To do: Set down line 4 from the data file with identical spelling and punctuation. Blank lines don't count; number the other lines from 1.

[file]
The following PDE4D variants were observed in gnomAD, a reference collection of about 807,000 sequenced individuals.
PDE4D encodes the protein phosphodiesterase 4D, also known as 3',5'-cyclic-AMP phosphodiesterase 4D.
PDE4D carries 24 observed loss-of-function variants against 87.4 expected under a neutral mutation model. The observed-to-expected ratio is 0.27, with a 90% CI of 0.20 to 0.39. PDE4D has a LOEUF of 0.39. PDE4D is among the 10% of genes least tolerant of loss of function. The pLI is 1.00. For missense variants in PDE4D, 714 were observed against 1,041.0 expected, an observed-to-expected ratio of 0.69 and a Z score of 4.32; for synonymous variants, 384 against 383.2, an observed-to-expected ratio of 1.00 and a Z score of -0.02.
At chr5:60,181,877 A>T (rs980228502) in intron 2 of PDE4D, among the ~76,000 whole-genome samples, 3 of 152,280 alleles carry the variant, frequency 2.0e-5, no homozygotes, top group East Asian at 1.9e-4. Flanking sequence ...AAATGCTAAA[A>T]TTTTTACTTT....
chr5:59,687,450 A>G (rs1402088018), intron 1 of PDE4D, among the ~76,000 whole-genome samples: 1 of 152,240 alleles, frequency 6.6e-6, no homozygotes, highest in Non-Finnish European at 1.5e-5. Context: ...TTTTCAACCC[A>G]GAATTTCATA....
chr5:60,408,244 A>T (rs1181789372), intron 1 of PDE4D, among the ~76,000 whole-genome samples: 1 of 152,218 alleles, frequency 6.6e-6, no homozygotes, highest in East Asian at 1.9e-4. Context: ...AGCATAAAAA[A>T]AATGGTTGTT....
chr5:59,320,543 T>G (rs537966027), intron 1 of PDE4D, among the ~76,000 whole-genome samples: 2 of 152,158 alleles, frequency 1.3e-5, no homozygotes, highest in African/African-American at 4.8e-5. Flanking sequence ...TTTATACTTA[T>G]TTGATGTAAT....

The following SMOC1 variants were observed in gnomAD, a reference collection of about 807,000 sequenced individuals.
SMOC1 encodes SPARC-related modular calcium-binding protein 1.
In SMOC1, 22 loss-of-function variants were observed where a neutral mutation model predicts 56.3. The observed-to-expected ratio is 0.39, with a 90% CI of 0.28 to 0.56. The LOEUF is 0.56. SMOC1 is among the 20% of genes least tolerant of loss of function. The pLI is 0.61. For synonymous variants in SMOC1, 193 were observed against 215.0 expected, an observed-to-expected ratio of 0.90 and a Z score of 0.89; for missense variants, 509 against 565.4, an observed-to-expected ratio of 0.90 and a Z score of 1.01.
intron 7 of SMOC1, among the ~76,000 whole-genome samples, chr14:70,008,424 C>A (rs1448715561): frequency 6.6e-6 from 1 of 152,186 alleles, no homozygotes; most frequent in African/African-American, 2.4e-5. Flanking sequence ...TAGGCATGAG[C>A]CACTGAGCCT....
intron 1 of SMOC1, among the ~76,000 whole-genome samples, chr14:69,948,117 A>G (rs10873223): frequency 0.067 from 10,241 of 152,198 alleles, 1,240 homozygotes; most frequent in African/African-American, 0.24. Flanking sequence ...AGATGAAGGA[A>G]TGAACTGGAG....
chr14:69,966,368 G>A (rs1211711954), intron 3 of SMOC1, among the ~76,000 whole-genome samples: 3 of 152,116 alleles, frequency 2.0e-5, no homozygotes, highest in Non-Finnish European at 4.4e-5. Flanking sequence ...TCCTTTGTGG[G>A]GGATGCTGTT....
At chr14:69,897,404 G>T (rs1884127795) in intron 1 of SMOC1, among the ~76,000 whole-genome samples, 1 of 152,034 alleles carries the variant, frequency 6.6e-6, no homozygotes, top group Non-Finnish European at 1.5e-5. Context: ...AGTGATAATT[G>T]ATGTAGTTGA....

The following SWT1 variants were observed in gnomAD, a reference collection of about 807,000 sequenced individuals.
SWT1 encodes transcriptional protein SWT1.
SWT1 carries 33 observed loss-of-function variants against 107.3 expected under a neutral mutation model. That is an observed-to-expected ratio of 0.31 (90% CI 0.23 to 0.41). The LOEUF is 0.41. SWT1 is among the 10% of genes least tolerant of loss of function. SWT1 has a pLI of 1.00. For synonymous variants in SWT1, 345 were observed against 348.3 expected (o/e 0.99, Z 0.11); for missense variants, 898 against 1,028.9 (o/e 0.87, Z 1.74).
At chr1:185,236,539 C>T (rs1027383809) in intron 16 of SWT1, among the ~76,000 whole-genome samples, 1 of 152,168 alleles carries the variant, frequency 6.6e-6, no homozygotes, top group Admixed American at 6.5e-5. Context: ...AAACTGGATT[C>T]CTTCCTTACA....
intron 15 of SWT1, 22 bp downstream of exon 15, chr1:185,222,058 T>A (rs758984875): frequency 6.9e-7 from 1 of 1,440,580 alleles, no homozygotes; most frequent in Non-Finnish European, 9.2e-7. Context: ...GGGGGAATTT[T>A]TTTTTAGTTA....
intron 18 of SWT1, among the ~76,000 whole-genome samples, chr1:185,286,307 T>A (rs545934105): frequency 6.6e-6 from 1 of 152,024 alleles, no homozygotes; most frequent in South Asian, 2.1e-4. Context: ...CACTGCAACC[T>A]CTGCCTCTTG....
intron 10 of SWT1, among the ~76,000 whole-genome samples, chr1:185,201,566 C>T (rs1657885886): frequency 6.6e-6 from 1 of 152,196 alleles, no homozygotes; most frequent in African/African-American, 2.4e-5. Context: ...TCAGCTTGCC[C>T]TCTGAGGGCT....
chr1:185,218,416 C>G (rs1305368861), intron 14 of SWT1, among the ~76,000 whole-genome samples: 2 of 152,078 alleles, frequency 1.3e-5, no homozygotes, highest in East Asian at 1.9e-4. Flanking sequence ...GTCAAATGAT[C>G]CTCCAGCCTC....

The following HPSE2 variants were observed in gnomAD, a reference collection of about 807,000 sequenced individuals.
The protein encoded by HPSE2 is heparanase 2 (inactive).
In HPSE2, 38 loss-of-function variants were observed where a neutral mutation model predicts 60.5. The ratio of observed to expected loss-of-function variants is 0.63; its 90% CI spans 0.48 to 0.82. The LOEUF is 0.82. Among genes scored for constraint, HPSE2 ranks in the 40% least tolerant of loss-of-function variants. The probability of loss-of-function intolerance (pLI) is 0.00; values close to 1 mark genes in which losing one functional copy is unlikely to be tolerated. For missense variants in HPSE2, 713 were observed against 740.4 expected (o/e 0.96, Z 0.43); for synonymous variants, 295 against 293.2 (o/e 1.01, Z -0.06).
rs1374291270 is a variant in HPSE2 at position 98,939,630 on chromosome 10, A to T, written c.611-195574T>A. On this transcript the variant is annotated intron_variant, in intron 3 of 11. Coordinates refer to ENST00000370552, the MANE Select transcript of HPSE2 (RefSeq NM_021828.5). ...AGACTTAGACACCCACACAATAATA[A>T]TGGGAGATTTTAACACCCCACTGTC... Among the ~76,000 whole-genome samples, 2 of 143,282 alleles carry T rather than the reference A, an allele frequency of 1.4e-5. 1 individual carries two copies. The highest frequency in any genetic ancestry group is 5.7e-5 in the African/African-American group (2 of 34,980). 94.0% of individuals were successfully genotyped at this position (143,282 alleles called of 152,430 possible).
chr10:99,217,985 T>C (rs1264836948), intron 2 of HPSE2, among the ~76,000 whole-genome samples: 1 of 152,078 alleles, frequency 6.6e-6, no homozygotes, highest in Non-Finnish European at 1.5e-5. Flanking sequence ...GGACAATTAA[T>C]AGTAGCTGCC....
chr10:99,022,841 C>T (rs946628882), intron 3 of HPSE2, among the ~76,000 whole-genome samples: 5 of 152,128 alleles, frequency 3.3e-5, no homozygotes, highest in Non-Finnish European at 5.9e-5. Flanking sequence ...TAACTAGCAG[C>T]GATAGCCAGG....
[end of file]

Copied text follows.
At chr5:60,181,877 A>T (rs980228502) in intron 2 of PDE4D, among the ~76,000 whole-genome samples, 3 of 152,280 alleles carry the variant, frequency 2.0e-5, no homozygotes, top group East Asian at 1.9e-4. Flanking sequence ...AAATGCTAAA[A>T]TTTTTACTTT....